“Telling the Whole Story”: AMMPE’s Take on the Art of Storytelling in their First Congress in the UK
AMMPE was founded in 1969 in Mexico by the Mexican writer and journalist, Gloria Salas de Calderon. As a Non-Governmental Organisation (NGO), the organisation currently has thirty seven international member states and has close ties with the United Nations. Members include well-known women journalists and writers from CNN, the BBC, Al-Jazeera Television, and PEN International.
The goals of AMMPE are:
- To provide an international network for women writers and journalists.
- To raise awareness of the issues affecting journalism and writing in general, and women in particular.
- To promote gender diversity in these areas.
The organisation holds an international biannual congress to facilitate the AMMPE’s objectives and develop strong networks among its members. So far twenty one international conferences have taken place in different cities of its member countries.
Past Congress’ include the XIV- Congress on The Value of Education in 21st century journalism (1998) in Athens, Greece and the XXI- Congress on The role of women in the World (2014) in Querétaro, México (2014).
The previous Congress, took place at the Catholic University in Santiago, Chile in 2016 and was centred on the theme of Journalism: transparency and democracy – the impact of digital innovation in mass communication, advertising, literature, social networks and drones.
The presidency of the AMMPE rotates every two years, and its biannual Congress is held in relevant country. The current presidency is the UK, and this year’s Congress took place in London.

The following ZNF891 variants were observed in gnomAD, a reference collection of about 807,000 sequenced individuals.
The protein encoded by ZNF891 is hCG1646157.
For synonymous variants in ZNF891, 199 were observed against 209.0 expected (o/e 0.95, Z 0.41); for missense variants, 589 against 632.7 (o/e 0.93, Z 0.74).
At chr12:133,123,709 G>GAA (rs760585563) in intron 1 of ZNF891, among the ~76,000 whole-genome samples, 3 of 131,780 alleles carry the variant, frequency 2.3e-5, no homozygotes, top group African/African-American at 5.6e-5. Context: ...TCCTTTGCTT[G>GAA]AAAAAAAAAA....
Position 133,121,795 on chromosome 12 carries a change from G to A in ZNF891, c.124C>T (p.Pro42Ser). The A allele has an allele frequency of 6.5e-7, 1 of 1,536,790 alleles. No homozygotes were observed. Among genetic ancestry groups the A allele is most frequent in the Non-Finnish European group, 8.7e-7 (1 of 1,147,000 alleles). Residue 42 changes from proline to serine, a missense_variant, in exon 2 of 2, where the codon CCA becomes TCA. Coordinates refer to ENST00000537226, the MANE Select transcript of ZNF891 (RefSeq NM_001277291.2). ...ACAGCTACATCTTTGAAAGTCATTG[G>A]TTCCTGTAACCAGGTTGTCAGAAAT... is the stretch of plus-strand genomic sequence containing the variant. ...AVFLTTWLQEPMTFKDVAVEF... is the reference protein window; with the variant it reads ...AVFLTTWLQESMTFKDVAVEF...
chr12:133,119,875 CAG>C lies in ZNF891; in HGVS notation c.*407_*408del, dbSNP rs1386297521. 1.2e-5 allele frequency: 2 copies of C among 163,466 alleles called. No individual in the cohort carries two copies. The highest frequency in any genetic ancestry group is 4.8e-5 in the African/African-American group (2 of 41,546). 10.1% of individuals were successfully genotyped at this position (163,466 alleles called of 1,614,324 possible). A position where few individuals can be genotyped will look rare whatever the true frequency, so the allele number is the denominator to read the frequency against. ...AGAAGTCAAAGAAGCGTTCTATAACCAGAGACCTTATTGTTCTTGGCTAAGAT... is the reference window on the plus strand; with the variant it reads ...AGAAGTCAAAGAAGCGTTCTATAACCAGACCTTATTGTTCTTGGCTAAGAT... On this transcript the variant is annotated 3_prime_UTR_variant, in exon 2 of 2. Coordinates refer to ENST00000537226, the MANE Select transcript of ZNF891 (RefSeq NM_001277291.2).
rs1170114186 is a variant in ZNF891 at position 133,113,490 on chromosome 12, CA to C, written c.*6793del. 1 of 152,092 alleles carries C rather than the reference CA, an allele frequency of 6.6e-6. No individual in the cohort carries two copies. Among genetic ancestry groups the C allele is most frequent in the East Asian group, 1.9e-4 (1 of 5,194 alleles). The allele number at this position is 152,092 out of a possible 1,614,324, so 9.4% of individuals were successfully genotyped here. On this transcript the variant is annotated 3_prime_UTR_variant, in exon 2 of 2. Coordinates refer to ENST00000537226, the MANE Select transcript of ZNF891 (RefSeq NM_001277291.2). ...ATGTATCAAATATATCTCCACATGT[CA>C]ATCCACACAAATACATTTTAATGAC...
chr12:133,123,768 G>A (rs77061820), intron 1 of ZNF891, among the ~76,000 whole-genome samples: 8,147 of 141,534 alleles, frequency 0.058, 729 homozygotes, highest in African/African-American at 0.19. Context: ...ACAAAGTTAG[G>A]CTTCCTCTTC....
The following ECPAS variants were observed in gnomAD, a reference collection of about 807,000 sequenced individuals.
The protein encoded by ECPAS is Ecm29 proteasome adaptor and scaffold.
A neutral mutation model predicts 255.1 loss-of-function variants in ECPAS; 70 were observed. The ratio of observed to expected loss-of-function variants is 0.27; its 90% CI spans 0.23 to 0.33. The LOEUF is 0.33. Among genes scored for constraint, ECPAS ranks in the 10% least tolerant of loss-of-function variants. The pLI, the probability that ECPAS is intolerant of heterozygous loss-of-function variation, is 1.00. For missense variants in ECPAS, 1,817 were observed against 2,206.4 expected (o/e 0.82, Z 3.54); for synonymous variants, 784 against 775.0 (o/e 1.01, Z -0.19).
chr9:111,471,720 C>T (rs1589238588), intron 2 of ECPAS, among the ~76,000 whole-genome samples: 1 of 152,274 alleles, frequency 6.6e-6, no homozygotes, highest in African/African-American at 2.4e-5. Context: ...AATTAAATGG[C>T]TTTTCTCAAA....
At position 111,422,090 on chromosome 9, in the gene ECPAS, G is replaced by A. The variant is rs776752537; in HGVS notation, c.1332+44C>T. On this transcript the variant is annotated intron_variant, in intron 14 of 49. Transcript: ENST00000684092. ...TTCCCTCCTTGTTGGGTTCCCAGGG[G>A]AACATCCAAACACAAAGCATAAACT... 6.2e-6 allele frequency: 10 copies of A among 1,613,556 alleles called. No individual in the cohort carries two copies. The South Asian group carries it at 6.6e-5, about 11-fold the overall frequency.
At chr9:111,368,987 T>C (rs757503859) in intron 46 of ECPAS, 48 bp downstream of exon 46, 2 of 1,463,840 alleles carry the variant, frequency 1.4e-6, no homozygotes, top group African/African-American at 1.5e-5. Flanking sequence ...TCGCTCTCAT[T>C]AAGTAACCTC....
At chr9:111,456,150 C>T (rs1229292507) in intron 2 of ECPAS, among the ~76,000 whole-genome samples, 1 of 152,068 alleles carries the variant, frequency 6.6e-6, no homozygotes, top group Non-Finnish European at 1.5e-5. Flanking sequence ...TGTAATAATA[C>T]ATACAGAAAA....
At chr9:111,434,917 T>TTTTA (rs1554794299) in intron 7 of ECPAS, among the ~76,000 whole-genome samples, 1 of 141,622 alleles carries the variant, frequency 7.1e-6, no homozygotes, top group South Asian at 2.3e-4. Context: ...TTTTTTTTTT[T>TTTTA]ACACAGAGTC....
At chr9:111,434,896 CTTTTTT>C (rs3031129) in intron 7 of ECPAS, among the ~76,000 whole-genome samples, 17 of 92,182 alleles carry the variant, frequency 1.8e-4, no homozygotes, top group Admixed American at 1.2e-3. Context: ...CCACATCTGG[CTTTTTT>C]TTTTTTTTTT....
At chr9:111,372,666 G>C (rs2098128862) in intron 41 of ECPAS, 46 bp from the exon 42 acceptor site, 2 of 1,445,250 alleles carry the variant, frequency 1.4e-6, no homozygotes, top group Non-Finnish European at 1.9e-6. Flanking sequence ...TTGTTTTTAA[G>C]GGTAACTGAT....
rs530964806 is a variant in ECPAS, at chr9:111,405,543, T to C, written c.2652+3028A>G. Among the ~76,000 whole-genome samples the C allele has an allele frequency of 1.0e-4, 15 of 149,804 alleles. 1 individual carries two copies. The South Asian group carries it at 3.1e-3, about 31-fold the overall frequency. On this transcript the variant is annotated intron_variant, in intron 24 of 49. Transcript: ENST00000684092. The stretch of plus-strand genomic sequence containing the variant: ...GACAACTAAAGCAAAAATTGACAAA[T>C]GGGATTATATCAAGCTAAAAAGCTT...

Sarah Gibson, is the current President of AMMPE and overseer of the XXIII Worldwide Association of Women Journalists and Writers 2018. She is also the Chief Operating Officer at Celebro Media Studios.
Previously, she was a senior editor at the BBC World Service, and co-founder of the Global Women in News network in the BBC which has 1,400 members.
This year’s Congress took place between 6th and 9th November in the UK. Journalists and writers from across Latin America, Africa and Asia were represented as well as media companies such as Sky News, CNN, Channel 4 and the BBC who delivered panels across the days of the Congress.
Other experts included award-winning novelist, Elif Shafak, author of the ‘The Bastard of Istanbul’ and ‘The Architect’s Apprentice’ and Dr Helen Pankhurst, a leading women’s rights campaigner and great-granddaughter of suffragette leader, Emmeline Pankhurst. Both led panels at the BBC for Day 1 of the Congress.
In their efforts to further women’s rights across the globe, the AMMPE interviews women heads of state to inspire other women to participate in public affairs and politics. In February 2018, the President of Taiwan, Tsai Ing-wen, was interviewed by then President of the Worldwide Association of Women Journalists and Writers (AMMPE), Julia Eugenia Martínez, now head of the AMMPE branch in Chile.
In 1986, Taiwan became a formal association member of AMMPE, and is one of organisation’s most active members, hosting the AMMPE biannual Congress in 1996, 2006, and 2012. The Taiwanese Embassy also sponsored the screening of two short films during the Day 2 conference at City, University London and the hosted the subsequent reception.
City, University London
City, University London has a “long track record” in producing graduates who go on to work in news organisations across the world while a number of their academics are also engaged in research on areas related to the question of gender in the newsroom.